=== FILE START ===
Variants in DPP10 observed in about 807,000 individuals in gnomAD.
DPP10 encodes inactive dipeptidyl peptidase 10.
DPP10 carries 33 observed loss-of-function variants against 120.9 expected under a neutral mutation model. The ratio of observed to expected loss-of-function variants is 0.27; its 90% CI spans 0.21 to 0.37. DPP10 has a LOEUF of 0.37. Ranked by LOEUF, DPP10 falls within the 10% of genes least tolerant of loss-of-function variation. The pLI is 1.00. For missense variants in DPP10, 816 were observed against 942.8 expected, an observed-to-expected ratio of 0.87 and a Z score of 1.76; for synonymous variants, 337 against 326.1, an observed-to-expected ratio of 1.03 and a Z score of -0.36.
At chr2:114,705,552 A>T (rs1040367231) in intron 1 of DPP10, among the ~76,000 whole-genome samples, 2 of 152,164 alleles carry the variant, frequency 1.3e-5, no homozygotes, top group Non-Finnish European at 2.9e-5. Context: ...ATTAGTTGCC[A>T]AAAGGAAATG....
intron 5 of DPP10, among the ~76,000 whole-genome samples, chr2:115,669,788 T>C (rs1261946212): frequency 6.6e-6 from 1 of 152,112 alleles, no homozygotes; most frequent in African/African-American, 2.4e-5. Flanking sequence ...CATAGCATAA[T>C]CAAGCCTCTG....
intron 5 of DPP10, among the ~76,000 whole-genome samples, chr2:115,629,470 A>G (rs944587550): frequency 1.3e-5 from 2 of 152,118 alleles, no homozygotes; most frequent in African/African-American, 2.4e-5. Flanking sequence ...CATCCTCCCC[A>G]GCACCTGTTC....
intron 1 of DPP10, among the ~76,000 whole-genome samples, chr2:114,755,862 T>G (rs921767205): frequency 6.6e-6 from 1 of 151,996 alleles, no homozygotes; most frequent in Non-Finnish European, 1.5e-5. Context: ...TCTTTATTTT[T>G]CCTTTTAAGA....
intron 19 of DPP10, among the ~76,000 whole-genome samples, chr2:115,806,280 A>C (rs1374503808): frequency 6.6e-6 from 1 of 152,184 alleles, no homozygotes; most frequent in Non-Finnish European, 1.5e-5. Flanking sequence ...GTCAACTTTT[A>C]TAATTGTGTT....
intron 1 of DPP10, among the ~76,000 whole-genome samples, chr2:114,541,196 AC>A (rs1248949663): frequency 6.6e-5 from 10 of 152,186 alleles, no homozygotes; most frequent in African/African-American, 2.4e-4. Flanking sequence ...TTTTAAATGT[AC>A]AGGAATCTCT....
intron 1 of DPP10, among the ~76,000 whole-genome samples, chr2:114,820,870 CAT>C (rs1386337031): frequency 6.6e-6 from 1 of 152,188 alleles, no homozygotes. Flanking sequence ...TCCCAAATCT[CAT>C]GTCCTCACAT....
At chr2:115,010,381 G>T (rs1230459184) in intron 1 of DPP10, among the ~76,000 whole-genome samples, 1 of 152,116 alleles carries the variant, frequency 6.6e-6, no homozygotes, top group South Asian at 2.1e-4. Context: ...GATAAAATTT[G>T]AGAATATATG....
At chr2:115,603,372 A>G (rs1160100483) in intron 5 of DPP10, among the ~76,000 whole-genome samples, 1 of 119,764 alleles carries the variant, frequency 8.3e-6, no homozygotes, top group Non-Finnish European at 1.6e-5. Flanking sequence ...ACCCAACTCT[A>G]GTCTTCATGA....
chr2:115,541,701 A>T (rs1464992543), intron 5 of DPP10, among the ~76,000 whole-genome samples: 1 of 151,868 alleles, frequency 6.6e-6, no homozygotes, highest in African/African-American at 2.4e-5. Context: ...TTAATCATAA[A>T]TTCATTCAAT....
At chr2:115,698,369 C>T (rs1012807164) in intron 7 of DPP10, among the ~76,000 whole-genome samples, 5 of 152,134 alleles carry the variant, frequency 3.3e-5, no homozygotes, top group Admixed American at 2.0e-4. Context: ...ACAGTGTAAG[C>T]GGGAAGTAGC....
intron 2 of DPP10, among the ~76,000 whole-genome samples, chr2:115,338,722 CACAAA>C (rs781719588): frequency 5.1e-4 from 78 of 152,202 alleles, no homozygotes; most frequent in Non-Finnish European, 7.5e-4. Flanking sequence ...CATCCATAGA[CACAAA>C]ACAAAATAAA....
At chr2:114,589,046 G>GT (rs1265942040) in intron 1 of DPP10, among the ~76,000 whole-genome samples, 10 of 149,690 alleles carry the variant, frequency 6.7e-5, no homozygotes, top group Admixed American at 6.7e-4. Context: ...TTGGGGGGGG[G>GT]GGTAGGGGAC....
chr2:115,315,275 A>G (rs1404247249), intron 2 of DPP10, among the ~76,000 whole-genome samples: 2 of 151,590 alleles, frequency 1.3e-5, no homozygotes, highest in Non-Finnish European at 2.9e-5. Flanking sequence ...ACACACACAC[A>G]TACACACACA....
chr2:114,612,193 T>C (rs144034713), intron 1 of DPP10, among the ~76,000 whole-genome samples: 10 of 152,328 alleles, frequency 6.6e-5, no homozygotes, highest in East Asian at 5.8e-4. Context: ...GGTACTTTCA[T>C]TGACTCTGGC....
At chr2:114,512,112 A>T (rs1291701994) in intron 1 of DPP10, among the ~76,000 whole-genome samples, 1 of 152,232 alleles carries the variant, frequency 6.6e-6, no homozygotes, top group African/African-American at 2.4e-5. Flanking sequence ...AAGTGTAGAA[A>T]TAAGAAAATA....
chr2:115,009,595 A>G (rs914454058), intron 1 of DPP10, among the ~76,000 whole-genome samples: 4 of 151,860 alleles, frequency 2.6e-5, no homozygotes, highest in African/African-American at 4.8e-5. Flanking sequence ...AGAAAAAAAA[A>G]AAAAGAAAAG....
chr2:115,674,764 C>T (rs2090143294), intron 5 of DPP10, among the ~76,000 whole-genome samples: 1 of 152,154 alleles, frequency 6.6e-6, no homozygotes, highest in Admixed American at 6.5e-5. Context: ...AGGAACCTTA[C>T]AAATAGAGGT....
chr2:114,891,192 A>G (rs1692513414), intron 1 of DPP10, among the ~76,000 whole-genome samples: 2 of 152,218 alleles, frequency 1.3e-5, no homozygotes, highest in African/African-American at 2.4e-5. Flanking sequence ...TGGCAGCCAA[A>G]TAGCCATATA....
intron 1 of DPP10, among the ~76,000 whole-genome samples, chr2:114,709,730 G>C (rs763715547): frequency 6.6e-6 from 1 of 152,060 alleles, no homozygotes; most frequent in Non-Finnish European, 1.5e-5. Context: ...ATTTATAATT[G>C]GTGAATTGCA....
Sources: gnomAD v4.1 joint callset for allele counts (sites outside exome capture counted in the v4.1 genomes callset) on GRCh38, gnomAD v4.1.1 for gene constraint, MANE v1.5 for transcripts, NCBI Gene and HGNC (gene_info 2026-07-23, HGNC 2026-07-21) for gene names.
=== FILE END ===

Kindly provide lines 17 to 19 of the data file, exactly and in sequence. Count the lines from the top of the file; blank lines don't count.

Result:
chr2:115,315,275 A>G (rs1404247249), intron 2 of DPP10, among the ~76,000 whole-genome samples: 2 of 151,590 alleles, frequency 1.3e-5, no homozygotes, highest in Non-Finnish European at 2.9e-5. Flanking sequence ...ACACACACAC[A>G]TACACACACA....
chr2:114,612,193 T>C (rs144034713), intron 1 of DPP10, among the ~76,000 whole-genome samples: 10 of 152,328 alleles, frequency 6.6e-5, no homozygotes, highest in East Asian at 5.8e-4. Context: ...GGTACTTTCA[T>C]TGACTCTGGC....
At chr2:114,512,112 A>T (rs1291701994) in intron 1 of DPP10, among the ~76,000 whole-genome samples, 1 of 152,232 alleles carries the variant, frequency 6.6e-6, no homozygotes, top group African/African-American at 2.4e-5. Flanking sequence ...AAGTGTAGAA[A>T]TAAGAAAATA....